Training Business Adapts To Downturn
As part of the launch of its “new reality” simulator and services portfolio, Thales assembled a high-level panel of simulation and training industry professionals to discuss the challenges facing their industry as a result of falling margins, increasing overhead and more aggressive competition.
Mike Humphreys, director operations and support with Oxford Aviation Academy, which has 42 simulators at its eight training centers, said activity across his business has fallen around 10 percent. But he took a relatively sanguine view of the way forward, commenting that: “Transitions such as new entrants and fleet changes drive demand, so we’re already seeing lower volumes. But the industry has been through this before. If we conserve cash and do the right things we’ll still be there when the upturn comes.”
In the meantime, though, there are concerns that lack of investment during the downturn will mean a shortage of pilots when demand returns.
Air Malta, for example, advocates the sponsorship of cadets, with pilots repaying the cost of their training out of their salary over 10 years. “After 10 years they have families, so they are inclined to stick around,” said Lawrence Gatt, the carrier’s manager technical and projects. “Some move to Emirates or whatever, but a lot of them stay.” Virgin Atlantic Airways has a different model. “We used to recruit from the military, mainly,” said Dave Kistruck, the airline’s general manager of flight operations. “But that pool has shrunk so now we steal a lot from other airlines.”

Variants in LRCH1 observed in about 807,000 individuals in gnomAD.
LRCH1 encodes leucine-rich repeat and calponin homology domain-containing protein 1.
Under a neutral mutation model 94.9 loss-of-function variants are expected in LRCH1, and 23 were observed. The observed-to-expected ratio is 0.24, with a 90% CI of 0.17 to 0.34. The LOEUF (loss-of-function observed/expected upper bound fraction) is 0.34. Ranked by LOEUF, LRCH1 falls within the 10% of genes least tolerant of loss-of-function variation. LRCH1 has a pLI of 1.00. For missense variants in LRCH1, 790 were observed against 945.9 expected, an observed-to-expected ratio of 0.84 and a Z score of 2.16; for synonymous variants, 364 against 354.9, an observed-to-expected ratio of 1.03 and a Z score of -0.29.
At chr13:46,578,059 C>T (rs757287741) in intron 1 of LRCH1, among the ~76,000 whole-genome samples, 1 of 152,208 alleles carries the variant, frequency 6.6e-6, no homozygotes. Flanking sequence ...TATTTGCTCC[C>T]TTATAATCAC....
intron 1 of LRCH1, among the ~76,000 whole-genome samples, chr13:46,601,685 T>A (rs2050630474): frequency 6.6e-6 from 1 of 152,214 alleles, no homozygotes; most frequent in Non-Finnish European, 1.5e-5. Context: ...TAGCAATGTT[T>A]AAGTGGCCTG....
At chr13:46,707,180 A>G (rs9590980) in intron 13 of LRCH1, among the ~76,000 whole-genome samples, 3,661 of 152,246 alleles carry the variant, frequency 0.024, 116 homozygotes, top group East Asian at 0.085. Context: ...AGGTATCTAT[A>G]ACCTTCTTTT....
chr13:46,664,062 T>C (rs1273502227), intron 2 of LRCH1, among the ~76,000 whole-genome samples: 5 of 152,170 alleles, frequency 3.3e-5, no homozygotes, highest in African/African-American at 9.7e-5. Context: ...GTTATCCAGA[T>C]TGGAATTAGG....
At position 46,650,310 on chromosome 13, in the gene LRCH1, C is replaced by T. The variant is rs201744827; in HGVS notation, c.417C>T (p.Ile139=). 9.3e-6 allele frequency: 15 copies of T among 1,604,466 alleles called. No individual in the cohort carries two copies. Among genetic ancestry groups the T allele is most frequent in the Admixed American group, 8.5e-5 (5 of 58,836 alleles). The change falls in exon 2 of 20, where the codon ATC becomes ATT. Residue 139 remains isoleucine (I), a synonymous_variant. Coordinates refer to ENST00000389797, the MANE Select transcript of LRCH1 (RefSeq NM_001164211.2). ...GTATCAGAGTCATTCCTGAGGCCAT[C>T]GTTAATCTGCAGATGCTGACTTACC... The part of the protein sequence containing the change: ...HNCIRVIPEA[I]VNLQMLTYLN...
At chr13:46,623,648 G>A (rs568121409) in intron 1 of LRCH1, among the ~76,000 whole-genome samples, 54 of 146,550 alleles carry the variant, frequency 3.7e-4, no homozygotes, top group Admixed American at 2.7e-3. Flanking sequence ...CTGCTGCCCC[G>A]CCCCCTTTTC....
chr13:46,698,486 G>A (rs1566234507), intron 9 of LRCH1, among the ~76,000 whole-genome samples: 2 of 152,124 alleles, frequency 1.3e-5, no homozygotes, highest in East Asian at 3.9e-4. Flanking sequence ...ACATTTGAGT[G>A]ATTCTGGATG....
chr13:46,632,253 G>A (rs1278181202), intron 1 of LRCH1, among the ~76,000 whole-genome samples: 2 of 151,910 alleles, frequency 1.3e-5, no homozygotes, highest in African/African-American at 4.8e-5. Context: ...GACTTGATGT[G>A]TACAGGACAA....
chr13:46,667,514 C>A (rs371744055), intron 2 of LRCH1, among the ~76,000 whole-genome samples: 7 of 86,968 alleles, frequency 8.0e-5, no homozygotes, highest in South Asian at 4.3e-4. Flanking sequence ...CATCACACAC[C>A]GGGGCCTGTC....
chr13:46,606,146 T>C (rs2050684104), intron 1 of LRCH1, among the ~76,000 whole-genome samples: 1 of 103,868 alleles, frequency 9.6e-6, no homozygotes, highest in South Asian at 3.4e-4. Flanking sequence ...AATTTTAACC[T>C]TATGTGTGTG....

The traditional Virgin pilot joins at age 32 to 34 and leaves at 65, he said. “We have a very low attrition rate. They want to fly the big planes until they retire, so there’s no shortage of pilots,” he said. And he does not believe airlines should pay for pilot training. “We’re like a magnet at the end of the tube to enthuse them to take out £100,000 loans,” he commented.
That approach spells problems for smaller airlines, however. “When demand comes back, the smaller airlines will be the supply for pilots,” said Alteon Training president Sherry Carbary. “But when the cycle turns and we need pilots, nobody’s been investing in training them.” The result will be that Kistruck’s Virgin Atlantic operation, for example, has what it needs, “but the smaller airlines and the airlines in the developing world do not have the pilots,” he said.
Dieter Harms, the former chief executive of Lufthansa Flight Training who helped develop the multi-crew pilot license with those smaller operators in mind, sees the current downturn as “a wonderful opportunity to use existing capacity and adapt our approach. You don’t need a full flight simulator for every phase of training.”